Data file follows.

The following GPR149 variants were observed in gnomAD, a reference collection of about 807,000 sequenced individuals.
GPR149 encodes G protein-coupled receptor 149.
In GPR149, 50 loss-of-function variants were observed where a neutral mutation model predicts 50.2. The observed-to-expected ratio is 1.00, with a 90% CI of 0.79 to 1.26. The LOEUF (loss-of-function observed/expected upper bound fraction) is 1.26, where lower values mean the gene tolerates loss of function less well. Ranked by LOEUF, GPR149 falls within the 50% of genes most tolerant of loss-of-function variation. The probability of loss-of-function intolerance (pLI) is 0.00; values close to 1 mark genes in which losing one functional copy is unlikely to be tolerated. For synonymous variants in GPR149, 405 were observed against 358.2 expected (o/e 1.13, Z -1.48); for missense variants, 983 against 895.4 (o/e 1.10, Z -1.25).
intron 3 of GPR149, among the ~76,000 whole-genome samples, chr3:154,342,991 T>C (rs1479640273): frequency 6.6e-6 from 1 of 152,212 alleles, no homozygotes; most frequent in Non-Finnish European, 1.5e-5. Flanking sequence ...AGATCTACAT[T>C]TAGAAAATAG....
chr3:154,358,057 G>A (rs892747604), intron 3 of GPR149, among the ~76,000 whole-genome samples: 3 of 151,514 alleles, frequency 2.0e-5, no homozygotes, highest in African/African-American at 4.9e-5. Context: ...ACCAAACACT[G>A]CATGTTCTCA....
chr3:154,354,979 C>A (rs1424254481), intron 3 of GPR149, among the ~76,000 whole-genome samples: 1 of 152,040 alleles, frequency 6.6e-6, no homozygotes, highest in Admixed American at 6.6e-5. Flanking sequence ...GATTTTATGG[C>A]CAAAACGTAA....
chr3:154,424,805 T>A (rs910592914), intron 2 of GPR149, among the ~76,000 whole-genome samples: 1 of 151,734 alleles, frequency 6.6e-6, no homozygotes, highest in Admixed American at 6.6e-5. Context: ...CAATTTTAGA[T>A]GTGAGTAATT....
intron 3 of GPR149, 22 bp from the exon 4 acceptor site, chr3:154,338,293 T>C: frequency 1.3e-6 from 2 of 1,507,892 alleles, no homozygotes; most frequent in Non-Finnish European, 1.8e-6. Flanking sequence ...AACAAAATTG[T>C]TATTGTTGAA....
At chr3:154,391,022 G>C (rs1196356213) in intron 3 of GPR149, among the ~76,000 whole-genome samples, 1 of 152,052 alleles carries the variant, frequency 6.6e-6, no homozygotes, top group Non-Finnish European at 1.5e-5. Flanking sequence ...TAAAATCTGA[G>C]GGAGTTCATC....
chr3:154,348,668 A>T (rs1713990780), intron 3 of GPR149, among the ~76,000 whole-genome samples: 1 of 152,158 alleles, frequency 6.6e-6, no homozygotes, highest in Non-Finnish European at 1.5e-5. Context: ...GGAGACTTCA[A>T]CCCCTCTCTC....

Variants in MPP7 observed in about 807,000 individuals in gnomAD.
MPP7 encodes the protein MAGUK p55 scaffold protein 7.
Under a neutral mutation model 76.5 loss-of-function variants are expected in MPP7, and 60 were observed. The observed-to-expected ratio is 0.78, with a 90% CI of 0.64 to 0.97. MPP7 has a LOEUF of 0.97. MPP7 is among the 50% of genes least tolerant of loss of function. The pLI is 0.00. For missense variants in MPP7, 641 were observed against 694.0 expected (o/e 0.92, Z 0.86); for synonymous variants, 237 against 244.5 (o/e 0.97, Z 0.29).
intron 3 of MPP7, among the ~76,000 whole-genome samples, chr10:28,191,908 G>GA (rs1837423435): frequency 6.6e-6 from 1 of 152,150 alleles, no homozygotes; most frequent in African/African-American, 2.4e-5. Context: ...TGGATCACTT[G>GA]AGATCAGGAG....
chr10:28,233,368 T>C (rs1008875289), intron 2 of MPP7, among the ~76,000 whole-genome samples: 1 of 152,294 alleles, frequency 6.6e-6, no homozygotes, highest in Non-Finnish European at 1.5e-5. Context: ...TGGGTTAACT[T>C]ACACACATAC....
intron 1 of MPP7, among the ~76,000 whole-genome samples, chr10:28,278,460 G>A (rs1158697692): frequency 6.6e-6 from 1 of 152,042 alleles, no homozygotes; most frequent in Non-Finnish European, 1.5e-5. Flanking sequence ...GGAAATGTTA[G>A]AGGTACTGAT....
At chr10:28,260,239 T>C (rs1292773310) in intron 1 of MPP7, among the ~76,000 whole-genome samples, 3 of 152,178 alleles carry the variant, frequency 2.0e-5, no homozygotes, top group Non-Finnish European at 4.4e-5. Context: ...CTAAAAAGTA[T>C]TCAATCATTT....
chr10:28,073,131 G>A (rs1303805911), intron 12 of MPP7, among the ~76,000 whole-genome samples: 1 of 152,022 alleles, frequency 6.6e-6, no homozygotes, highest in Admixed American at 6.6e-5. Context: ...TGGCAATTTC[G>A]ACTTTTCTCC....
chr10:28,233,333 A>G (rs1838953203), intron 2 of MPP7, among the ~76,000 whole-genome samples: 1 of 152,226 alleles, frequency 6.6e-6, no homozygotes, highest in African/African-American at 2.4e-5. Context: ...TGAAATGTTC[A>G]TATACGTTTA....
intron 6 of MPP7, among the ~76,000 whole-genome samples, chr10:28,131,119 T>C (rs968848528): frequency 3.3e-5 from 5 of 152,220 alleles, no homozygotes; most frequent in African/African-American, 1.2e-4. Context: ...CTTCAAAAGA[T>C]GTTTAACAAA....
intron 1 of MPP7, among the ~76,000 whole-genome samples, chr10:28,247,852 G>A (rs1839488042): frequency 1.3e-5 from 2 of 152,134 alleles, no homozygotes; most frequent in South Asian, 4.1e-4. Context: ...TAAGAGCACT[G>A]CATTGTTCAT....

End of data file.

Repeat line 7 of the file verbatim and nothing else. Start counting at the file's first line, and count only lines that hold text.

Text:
chr3:154,424,805 T>A (rs910592914), intron 2 of GPR149, among the ~76,000 whole-genome samples: 1 of 151,734 alleles, frequency 6.6e-6, no homozygotes, highest in Admixed American at 6.6e-5. Context: ...CAATTTTAGA[T>A]GTGAGTAATT....